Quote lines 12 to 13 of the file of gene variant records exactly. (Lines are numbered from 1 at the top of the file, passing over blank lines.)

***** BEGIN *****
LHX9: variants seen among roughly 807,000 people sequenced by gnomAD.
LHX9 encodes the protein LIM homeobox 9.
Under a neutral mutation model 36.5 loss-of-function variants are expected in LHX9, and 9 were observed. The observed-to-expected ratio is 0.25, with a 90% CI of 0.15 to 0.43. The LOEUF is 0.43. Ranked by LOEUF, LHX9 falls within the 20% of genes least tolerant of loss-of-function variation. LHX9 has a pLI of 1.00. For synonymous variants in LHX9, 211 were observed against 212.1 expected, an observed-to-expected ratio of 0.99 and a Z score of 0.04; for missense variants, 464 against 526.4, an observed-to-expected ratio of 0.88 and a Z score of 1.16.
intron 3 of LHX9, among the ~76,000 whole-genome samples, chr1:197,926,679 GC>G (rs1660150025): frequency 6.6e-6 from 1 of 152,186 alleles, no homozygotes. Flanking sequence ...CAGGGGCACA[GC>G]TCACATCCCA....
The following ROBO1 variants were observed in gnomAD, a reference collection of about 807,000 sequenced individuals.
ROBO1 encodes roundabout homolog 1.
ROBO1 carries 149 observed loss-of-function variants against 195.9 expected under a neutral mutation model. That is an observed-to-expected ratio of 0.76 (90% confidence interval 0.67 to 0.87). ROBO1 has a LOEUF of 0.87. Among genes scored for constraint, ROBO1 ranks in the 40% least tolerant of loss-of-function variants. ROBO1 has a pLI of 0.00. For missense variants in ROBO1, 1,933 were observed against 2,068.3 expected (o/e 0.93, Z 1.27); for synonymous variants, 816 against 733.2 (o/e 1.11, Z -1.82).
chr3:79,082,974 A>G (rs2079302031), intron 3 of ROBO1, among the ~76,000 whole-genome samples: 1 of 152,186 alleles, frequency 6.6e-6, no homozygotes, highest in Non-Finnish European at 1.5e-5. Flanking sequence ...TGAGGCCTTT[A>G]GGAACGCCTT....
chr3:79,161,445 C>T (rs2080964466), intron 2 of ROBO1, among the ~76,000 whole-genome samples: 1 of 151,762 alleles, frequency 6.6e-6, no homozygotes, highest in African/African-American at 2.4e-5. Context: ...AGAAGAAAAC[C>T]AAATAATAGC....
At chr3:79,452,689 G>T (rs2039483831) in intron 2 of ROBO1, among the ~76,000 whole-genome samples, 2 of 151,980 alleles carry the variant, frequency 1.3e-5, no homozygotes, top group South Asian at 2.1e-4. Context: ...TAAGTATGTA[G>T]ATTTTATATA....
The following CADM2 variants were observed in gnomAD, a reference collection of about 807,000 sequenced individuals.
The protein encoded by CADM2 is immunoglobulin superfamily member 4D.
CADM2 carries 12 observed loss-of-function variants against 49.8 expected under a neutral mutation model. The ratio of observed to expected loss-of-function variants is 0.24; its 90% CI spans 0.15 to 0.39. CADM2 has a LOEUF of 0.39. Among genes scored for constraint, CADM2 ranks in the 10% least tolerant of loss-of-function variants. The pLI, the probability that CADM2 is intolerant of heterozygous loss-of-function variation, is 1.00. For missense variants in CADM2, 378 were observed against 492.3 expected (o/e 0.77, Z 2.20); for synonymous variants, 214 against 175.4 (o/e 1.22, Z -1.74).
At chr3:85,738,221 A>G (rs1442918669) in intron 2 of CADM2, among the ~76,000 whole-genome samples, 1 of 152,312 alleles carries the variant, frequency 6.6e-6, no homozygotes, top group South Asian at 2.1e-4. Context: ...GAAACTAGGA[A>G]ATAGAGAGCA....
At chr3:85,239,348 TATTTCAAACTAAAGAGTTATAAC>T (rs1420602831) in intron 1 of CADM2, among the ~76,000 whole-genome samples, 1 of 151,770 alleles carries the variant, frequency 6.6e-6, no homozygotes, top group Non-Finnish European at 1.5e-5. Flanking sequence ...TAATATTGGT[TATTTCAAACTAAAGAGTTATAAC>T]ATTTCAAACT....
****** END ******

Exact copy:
The protein encoded by CADM2 is immunoglobulin superfamily member 4D.
CADM2 carries 12 observed loss-of-function variants against 49.8 expected under a neutral mutation model. The ratio of observed to expected loss-of-function variants is 0.24; its 90% CI spans 0.15 to 0.39. CADM2 has a LOEUF of 0.39. Among genes scored for constraint, CADM2 ranks in the 10% least tolerant of loss-of-function variants. The pLI, the probability that CADM2 is intolerant of heterozygous loss-of-function variation, is 1.00. For missense variants in CADM2, 378 were observed against 492.3 expected (o/e 0.77, Z 2.20); for synonymous variants, 214 against 175.4 (o/e 1.22, Z -1.74).